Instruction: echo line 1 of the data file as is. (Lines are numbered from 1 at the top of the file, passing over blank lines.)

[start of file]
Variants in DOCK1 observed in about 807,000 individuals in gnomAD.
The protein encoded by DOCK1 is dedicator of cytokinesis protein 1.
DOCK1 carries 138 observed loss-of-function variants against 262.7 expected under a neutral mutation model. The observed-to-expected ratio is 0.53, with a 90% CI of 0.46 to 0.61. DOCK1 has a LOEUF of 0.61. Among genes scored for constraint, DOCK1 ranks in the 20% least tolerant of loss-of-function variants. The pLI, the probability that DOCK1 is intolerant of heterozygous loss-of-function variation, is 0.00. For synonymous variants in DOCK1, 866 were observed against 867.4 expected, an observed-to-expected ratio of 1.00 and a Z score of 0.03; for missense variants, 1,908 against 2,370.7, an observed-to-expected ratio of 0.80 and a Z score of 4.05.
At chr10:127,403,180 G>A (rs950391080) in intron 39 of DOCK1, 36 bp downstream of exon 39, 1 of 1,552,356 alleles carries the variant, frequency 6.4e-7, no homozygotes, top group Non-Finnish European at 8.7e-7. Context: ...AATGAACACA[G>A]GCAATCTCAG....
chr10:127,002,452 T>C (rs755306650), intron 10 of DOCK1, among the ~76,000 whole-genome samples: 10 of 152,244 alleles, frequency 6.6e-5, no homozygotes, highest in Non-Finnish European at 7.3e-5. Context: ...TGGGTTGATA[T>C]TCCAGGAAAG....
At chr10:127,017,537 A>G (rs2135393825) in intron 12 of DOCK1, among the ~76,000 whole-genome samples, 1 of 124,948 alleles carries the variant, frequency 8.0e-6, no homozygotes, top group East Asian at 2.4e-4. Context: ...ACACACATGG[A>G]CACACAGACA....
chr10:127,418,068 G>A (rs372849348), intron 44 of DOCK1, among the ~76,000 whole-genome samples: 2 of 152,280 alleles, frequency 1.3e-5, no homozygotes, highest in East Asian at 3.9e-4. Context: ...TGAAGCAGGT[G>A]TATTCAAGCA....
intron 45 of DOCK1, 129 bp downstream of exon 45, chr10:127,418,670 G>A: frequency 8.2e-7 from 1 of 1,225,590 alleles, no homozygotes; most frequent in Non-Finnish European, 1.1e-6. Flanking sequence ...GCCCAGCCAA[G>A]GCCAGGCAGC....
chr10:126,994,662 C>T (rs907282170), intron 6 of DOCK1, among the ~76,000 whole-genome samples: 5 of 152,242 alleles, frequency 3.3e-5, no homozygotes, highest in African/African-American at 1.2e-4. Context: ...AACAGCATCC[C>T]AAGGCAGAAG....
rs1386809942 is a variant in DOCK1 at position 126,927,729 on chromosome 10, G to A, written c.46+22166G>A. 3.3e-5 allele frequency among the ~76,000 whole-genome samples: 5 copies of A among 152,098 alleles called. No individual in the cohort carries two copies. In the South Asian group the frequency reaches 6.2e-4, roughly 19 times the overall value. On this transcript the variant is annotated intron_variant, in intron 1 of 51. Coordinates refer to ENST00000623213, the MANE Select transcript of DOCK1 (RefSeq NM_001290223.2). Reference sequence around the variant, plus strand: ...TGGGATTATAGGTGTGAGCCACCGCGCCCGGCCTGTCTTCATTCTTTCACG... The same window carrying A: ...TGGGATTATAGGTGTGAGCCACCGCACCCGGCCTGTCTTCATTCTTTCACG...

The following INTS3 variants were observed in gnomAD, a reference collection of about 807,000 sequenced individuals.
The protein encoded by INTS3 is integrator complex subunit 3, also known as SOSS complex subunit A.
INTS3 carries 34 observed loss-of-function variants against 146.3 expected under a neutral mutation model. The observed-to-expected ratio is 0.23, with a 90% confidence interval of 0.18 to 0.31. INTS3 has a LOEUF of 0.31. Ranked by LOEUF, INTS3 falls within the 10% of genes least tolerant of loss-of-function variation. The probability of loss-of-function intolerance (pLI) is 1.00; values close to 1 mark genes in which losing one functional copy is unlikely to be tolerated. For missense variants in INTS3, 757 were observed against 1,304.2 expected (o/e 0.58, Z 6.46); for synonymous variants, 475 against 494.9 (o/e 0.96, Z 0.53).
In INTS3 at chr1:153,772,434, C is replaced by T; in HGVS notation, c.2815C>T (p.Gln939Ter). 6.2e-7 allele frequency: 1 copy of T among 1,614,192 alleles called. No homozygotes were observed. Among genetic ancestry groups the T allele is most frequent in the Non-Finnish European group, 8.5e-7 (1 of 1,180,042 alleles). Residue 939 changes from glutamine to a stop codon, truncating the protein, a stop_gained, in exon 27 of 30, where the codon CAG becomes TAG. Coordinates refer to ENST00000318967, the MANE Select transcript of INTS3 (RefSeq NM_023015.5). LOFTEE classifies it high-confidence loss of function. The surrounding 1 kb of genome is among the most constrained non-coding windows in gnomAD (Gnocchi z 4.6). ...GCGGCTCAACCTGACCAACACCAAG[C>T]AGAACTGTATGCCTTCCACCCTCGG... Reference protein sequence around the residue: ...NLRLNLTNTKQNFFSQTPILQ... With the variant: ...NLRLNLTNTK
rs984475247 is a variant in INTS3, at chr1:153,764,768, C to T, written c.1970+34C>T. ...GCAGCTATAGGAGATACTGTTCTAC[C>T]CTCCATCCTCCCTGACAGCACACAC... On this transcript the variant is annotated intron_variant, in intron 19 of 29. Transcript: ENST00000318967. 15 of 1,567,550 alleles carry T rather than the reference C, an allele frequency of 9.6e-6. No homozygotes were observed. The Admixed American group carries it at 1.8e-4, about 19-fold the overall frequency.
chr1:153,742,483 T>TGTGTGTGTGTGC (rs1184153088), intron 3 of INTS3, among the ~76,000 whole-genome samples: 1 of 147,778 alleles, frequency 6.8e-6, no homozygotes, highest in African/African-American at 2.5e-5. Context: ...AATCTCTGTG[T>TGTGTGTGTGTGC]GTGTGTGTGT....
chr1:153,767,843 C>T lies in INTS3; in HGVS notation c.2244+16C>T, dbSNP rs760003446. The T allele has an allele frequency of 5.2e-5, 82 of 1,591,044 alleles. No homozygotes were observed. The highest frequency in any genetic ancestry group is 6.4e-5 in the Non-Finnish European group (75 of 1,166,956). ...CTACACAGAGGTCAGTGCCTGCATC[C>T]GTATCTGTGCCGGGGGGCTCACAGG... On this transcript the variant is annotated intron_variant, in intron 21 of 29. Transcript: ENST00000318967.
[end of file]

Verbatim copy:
Variants in DOCK1 observed in about 807,000 individuals in gnomAD.